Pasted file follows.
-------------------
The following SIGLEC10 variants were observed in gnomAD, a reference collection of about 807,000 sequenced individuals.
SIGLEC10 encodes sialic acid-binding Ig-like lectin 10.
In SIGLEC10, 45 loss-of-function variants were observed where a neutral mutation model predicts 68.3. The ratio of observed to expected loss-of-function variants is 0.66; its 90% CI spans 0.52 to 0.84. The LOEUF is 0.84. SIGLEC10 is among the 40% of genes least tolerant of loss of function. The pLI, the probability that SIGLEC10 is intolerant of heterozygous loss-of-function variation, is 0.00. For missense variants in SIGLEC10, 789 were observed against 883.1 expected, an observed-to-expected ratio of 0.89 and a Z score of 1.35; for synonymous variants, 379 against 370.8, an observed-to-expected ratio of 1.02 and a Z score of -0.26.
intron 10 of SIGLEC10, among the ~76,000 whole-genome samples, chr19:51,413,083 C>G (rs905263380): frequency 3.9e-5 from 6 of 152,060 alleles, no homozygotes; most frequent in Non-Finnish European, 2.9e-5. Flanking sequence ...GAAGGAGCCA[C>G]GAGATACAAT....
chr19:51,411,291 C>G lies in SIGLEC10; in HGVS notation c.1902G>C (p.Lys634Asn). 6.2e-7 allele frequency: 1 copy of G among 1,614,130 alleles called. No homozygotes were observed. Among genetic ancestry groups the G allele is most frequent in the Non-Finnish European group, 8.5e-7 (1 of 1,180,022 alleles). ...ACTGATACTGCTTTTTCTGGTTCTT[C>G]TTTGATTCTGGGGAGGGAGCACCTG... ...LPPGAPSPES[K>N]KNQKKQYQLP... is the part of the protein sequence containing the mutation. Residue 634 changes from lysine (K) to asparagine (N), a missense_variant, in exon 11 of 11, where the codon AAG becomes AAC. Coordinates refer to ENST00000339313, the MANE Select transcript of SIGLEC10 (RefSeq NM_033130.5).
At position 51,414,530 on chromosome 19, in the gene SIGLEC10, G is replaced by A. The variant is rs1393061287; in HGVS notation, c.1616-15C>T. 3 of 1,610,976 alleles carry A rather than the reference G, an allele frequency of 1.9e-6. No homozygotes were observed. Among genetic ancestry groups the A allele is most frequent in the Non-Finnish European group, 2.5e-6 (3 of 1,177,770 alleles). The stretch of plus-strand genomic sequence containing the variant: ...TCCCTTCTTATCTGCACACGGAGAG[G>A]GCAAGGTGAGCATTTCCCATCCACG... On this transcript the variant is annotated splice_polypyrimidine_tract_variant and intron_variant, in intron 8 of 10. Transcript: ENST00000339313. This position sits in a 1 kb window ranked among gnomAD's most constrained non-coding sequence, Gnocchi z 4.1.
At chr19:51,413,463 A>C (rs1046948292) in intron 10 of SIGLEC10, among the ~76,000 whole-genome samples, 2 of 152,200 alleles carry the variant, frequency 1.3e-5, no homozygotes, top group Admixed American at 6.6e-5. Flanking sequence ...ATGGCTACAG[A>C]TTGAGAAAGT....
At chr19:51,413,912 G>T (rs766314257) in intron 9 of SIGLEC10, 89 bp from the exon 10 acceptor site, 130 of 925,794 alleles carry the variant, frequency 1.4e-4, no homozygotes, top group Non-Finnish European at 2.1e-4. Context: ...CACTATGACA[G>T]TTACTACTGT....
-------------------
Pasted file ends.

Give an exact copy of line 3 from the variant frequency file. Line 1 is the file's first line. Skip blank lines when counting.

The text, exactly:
In SIGLEC10, 45 loss-of-function variants were observed where a neutral mutation model predicts 68.3. The ratio of observed to expected loss-of-function variants is 0.66; its 90% CI spans 0.52 to 0.84. The LOEUF is 0.84. SIGLEC10 is among the 40% of genes least tolerant of loss of function. The pLI, the probability that SIGLEC10 is intolerant of heterozygous loss-of-function variation, is 0.00. For missense variants in SIGLEC10, 789 were observed against 883.1 expected, an observed-to-expected ratio of 0.89 and a Z score of 1.35; for synonymous variants, 379 against 370.8, an observed-to-expected ratio of 1.02 and a Z score of -0.26.